John Gosling, anatomy researcher and teacher, dies at 81

Gosling was the co-author of a popular anatomy textbook and a specialist in the neuroscience of the genitourinary system.

John Gosling was the co-author of a popular anatomy textbook and a specialist in the neuroscience of the genitourinary system.
Courtesy of Ian Whitmore

John Gosling, MD, professor emeritus of anatomy, textbook author and authority on neuro-urology, died July 17 in Manchester, England. He was 81.

Gosling’s work focused on nerve cells in the sexual organs and lower urinary tract. He co-authored Human Anatomy: Color Atlas and Text, an award-winning book now it its sixth edition. He also contributed to dozens of other books and co-authored more than 100 papers. 

“John Gosling was instrumental in the creation of Stanford Medicine’s clinical anatomy division,” said Lloyd Minor, MD, dean of the School of Medicine. “He forever changed medicine through his research to understand urinary anatomy and touched countless lives through his excellence as a teacher and clinician.”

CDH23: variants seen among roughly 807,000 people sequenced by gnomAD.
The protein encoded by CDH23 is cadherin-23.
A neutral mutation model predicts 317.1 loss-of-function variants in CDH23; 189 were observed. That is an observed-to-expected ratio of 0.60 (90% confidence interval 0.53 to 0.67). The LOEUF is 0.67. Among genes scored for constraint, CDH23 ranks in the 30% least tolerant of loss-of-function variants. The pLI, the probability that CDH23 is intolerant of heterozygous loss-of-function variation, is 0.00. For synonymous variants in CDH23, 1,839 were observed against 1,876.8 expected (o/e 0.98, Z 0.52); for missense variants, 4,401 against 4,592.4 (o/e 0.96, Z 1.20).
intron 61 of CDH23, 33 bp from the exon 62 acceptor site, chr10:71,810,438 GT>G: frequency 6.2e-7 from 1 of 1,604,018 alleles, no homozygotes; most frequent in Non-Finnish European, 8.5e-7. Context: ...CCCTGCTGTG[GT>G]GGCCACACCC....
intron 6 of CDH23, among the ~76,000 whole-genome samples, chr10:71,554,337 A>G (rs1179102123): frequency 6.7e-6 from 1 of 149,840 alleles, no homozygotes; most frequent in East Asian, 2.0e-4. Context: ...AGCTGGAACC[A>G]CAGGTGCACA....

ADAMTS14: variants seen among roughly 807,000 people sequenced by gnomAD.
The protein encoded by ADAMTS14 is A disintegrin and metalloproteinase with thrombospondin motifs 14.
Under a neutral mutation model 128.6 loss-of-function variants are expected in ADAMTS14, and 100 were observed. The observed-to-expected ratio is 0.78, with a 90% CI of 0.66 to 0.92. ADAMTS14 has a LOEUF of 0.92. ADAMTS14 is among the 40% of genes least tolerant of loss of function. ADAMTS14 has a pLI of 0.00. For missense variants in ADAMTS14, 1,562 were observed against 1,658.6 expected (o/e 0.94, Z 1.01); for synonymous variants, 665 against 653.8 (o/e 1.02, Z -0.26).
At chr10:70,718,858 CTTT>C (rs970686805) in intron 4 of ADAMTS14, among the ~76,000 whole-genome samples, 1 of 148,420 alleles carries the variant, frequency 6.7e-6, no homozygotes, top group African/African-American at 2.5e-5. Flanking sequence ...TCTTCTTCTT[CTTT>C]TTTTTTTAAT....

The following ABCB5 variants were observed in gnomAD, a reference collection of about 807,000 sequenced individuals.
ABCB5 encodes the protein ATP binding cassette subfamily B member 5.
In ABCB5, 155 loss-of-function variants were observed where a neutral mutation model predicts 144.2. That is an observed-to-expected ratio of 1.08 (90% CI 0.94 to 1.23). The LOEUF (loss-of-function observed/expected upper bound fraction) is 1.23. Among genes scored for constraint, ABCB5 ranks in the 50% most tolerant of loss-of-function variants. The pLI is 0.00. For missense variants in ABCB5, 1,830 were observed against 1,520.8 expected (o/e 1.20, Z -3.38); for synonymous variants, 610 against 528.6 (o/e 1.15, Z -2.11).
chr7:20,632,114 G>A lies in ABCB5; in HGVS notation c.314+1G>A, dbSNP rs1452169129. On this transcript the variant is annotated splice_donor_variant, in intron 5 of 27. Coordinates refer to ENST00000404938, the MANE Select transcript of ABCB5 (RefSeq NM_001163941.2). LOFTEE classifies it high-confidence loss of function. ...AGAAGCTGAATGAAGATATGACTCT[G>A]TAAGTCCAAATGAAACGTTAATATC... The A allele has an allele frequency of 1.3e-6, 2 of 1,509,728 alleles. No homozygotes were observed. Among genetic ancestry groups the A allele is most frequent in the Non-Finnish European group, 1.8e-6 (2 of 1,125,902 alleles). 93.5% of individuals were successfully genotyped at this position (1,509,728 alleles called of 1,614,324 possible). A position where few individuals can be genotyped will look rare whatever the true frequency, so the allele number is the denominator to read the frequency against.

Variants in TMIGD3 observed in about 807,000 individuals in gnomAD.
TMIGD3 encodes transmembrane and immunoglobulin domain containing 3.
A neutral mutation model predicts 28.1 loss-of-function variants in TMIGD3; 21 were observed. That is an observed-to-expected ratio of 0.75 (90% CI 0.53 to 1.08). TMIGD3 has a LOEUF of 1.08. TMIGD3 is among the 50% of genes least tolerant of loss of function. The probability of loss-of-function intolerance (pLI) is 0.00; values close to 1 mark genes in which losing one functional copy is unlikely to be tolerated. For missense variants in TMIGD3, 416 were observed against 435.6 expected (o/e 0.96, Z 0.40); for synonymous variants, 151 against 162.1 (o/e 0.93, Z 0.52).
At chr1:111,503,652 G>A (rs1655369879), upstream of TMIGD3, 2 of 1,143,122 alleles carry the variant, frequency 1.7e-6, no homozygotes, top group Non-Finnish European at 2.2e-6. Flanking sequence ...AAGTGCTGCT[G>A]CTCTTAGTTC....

According to his longtime friend Ian Whitmore, MD, professor of anatomy at the School of Medicine, Gosling “was typically English in that he would never sell himself. I think he deserved to be a Nobel winner for his research into genitourinary anatomy.”

Born May 19, 1939, Gosling earned a medical degree from Manchester University in 1967. He began teaching anatomy there as a student and later became a professor at the university. His career took him around the world. In England, Southern California, Hong Kong and the Middle East he taught pharmacology and anatomy and oversaw anatomy courses.

He first arrived at the Stanford University School of Medicine as a visiting professor in 1975. He returned as a visiting professor six more times until 1991, when he joined the faculty as a full professor. In 2019, he retired and moved back to England, where he lived close to family members.

He won the Kaiser Award for Excellence in Preclinical Teaching three times: in 1989, 1996 and 2000. 

“He put a great deal of effort into maintaining the quality of the anatomy division,” Whitmore said. “He was really dedicated to its teaching.”

Gosling was also an avid rock climber: During his visiting professor stints in California, he made time to climb its mountains, Whitmore said. In his later years, Gosling limited his sport to climbing gyms.

Gosling is survived by two daughters, Rachael Williams and Jane Garbett, and seven grandchildren, all in the U.K.  



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